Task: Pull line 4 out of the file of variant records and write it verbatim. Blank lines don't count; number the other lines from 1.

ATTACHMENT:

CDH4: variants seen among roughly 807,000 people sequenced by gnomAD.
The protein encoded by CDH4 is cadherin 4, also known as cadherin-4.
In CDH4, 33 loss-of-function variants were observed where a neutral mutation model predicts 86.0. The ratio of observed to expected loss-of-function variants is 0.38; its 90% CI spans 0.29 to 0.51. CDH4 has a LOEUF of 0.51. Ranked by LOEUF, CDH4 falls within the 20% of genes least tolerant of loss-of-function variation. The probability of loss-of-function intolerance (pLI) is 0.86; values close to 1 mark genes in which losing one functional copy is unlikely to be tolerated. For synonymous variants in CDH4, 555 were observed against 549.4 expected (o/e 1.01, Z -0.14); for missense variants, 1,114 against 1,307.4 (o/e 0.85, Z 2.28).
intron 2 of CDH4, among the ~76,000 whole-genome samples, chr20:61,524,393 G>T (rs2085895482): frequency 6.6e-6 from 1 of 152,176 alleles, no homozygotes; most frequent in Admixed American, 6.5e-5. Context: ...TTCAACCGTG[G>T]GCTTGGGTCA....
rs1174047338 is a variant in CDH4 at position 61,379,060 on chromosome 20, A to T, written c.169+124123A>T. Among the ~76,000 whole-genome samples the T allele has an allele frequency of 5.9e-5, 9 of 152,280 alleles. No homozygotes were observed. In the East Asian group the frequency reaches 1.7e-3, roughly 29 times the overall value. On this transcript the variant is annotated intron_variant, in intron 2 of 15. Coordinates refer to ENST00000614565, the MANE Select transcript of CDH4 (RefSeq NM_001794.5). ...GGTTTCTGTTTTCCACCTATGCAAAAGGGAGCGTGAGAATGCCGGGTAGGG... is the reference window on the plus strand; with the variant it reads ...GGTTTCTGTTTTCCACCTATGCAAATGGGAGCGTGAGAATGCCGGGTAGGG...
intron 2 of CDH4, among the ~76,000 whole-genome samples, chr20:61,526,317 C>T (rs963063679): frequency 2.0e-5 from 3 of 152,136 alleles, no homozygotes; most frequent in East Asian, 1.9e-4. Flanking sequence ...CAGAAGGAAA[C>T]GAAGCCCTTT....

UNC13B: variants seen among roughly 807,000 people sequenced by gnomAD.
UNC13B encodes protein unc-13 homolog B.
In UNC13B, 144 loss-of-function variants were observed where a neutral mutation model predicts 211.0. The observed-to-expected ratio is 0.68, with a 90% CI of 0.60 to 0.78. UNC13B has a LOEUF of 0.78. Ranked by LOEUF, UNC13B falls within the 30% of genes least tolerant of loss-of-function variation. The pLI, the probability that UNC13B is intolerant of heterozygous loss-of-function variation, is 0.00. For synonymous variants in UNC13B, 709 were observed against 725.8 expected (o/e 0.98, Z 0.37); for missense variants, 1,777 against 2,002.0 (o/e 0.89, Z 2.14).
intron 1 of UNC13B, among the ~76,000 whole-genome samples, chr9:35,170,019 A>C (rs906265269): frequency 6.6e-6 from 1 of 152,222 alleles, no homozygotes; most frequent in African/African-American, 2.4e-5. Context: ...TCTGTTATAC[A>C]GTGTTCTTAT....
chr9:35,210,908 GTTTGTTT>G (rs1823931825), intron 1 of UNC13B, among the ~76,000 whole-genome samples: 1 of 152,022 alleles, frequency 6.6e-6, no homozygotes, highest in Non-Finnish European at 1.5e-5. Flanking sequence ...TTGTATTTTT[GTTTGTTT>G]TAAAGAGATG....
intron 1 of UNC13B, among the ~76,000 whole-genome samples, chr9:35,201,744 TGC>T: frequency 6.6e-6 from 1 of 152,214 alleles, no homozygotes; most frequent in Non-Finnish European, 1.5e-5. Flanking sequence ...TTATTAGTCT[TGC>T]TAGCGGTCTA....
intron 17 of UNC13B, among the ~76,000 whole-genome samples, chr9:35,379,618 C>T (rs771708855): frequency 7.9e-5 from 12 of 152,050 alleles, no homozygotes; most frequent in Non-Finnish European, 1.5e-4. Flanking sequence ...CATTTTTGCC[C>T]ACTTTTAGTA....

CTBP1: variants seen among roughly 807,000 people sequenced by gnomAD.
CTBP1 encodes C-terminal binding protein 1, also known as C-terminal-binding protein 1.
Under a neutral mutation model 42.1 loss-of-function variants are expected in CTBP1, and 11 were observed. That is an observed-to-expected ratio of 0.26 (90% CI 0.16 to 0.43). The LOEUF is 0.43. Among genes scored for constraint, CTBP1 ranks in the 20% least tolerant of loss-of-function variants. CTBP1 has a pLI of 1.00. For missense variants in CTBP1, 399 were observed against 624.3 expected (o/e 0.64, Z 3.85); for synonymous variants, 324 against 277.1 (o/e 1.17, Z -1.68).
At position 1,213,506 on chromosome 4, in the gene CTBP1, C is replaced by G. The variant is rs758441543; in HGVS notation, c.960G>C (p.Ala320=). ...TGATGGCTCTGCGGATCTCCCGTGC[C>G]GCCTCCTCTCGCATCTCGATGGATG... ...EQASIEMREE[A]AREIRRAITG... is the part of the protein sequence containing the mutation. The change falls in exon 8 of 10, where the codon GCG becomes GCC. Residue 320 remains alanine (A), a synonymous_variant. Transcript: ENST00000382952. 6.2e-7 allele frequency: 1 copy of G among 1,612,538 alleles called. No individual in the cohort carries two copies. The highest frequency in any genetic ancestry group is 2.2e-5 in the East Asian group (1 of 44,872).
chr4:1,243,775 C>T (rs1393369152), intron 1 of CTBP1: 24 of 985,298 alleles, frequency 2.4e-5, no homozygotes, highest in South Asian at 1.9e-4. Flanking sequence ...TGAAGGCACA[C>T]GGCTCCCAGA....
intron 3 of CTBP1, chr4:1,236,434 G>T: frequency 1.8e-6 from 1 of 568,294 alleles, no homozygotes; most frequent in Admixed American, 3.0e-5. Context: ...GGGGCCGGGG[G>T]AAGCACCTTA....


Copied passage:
intron 2 of CDH4, among the ~76,000 whole-genome samples, chr20:61,524,393 G>T (rs2085895482): frequency 6.6e-6 from 1 of 152,176 alleles, no homozygotes; most frequent in Admixed American, 6.5e-5. Context: ...TTCAACCGTG[G>T]GCTTGGGTCA....